Pretty even, really, with pie segments ranging from 8% (Swordmaster) to 1% (the poor Squig Herder, which was absolutely the coolest character if you just looked at the concept art). Eleven classes have 5-6% of the population.

By the way, I know this is the chart all the board warriors really want to see:

It’s not totally cut and dried, but it does seem to show Order classes either have a lot of players or fewer, while Destruction is more evenly spread among the classes. In terms of the total, Destruction has 49% of the players, and Order has 51%. I would expect this number to tilt even further towards Order in the days to come. This is because of a little quirk of human nature – everyone goes to roll the freak characters, but eventually the majority will roll – and stick with – humans/”good guys.” But who knows, maybe WAR will break that mold.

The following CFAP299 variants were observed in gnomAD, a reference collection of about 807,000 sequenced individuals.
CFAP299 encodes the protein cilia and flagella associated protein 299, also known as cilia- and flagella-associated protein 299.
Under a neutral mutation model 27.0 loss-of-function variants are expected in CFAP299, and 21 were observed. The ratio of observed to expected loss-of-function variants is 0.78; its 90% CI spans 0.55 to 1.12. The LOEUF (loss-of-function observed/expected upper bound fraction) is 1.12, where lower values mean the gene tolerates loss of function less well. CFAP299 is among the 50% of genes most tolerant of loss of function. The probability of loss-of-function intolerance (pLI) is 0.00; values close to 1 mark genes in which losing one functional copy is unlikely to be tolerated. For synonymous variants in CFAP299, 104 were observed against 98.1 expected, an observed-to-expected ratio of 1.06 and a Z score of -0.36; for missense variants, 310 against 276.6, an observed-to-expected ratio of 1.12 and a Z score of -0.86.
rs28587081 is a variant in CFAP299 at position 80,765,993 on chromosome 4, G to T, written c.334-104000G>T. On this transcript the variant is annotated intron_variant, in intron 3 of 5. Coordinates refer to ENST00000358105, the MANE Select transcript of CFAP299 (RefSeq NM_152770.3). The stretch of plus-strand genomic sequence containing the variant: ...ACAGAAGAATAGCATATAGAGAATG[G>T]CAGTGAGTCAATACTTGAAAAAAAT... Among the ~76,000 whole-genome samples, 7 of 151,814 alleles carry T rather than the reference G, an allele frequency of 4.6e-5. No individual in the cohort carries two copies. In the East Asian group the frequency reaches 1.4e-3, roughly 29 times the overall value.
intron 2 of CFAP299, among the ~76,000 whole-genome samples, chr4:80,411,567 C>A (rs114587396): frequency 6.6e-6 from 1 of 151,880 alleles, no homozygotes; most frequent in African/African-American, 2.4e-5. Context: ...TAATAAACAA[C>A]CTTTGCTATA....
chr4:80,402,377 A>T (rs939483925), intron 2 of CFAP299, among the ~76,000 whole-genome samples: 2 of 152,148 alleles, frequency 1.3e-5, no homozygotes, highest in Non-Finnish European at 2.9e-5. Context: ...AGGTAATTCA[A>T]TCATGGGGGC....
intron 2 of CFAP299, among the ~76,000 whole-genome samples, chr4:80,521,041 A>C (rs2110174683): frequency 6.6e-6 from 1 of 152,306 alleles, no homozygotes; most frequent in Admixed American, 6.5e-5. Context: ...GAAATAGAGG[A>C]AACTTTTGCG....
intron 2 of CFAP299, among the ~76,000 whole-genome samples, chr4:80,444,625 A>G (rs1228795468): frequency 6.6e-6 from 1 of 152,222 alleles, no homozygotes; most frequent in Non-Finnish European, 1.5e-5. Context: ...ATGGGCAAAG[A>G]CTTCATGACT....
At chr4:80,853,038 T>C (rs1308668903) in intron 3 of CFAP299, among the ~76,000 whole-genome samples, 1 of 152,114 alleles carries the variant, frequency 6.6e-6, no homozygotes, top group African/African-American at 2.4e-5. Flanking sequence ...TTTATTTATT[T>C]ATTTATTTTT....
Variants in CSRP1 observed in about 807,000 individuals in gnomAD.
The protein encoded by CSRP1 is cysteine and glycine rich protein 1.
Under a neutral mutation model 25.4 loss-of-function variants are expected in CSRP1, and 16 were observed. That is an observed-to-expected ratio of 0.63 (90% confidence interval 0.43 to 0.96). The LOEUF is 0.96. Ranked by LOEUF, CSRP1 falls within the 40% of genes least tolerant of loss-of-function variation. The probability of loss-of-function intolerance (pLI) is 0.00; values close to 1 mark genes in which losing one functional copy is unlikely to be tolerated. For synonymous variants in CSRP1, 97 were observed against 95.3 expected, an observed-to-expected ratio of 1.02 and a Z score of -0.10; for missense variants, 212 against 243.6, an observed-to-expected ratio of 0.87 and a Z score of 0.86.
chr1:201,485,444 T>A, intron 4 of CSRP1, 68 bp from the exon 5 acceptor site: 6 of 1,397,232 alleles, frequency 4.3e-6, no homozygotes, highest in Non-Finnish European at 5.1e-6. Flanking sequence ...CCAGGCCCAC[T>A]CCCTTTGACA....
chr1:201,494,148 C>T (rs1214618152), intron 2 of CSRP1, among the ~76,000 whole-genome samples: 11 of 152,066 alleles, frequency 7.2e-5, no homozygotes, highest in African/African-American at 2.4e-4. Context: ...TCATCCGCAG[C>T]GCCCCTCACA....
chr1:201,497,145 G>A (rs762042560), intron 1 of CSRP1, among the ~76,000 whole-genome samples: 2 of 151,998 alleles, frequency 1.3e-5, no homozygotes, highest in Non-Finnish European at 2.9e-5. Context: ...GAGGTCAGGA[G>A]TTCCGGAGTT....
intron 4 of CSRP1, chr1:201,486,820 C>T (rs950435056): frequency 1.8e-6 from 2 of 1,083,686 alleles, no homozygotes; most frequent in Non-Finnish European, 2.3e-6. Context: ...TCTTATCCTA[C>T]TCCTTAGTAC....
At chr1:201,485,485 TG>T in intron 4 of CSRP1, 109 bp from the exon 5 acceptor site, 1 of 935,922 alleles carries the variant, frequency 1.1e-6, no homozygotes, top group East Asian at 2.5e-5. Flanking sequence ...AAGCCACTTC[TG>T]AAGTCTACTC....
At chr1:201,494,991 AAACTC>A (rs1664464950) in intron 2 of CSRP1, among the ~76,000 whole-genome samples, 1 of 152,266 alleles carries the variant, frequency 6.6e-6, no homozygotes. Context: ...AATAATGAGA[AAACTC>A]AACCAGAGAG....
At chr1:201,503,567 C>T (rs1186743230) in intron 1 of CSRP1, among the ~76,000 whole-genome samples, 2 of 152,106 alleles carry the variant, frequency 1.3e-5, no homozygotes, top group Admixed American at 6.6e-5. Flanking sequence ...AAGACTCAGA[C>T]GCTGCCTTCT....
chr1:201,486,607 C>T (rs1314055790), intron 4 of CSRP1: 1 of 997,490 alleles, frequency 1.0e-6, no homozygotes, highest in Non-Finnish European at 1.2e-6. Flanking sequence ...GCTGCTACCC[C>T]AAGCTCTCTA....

Okay, that’s the general population. How does gender play into class choice?

Well. THAT’S interesting.

Before I ran the chart, I’d have said that women are stereotypically perceived as playing support roles – the healer to her boyfriend’s tank, as it were. I’d also have said that women make class choices just as men do. The only area in which women actually do have a preference is in the gender of their avatar. Women rarely choose male avatars, whereas men will often choose a female avatar if only to watch shapely female buttocks for the extended periods of time typical of MMOs.

The latter is proven out by the chart – Witch Elf, a female avatar only class, has more women playing than men, but men are still represented. Chosen, a male avatar only class, does not have a statistically significant number of women playing it.

WAR’s marketing of the classes (and to be fair, hewing closely to the lore established by Games Workshop) was more gender-oriented than usual for an MMO. That seems to be playing out in the class selections. Certainly no one thinks “delicate feminine beauty” when they hear “Black Orc.”